The first word in the ‘surname’ box followed by the first word in the ‘first name’ box of the visa holder’s travel document is written in that order. The issuing authority verifies that the name and first name which appear in the travel document and which are to be entered under this heading and in the section to be electronically scanned are the same as those appearing in the visa application. If the number of characters of the surname and first name exceeds the number of spaces available, the excess characters are replaced by a dot (.).

(a)

Mandatory entries to be added in the ‘COMMENTS’ section

in the case of a visa issued on behalf of another Member State pursuant to Article 8, the following mention is added: ‘R/[Code of represented Member State]’,

in the case of a visa issued for the purpose of transit, the following mention is added: ‘TRANSIT’;

(b)

National entries in ‘COMMENTS’ section

This section also contains the comments in the language of the issuing Member State relating to national provisions. However, such comments shall not duplicate the mandatory comments referred to in point 1;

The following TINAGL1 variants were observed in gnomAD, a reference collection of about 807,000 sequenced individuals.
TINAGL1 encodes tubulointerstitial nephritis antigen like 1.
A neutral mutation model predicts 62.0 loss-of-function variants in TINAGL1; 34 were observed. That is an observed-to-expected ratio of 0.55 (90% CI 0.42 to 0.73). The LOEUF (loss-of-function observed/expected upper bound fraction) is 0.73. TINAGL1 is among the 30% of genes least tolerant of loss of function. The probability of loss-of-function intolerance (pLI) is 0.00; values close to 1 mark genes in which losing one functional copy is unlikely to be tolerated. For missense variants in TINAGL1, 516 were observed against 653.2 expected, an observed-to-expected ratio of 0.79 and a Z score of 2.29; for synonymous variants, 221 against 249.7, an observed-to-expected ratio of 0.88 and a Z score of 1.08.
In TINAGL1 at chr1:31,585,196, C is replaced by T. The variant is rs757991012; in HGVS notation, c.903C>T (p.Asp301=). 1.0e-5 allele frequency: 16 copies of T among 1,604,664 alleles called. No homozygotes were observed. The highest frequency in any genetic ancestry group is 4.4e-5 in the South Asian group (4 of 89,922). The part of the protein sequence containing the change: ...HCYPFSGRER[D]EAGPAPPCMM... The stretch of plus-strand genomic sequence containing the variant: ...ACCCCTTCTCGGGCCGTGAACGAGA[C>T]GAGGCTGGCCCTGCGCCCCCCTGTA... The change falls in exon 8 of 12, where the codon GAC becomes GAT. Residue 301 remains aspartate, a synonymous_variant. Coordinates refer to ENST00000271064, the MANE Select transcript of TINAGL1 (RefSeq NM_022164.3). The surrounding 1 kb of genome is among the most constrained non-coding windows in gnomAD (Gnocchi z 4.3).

(c)

Section for the photograph

The visa holder’s photograph, in colour, shall be integrated in the space reserved for that purpose.

The following rules shall be observed with respect to the photograph to be integrated into the visa sticker.

The size of the head from chin to crown shall be between 70 % and 80 % of the vertical dimension of the surface of the photograph.

The minimum resolution requirements shall be:

300 pixels per inch (ppi), uncompressed, for scanning,

720 dots per inch (dpi) for colour printing of photos.

10.   Machine-readable zone

This section is made up of two lines of 36 characters (OCR B-10 cpi).

First line: 36 characters (mandatory)

Positions

Number of characters

Heading contents

Specifications

1-2

2

Type of document

First character: V

Second character: code indicating type of visa (A, C or D)

3-5

3

Issuing State

ICAO alphabetic code 3-character: BEL, CHE, CZE, DNK, D<<, EST, GRC, ESP, FRA, ITA, LVA, LTU, LUX, HUN, MLT, NLD, AUT, POL, PRT, SVN, SVK, FIN, SWE, ISL, NOR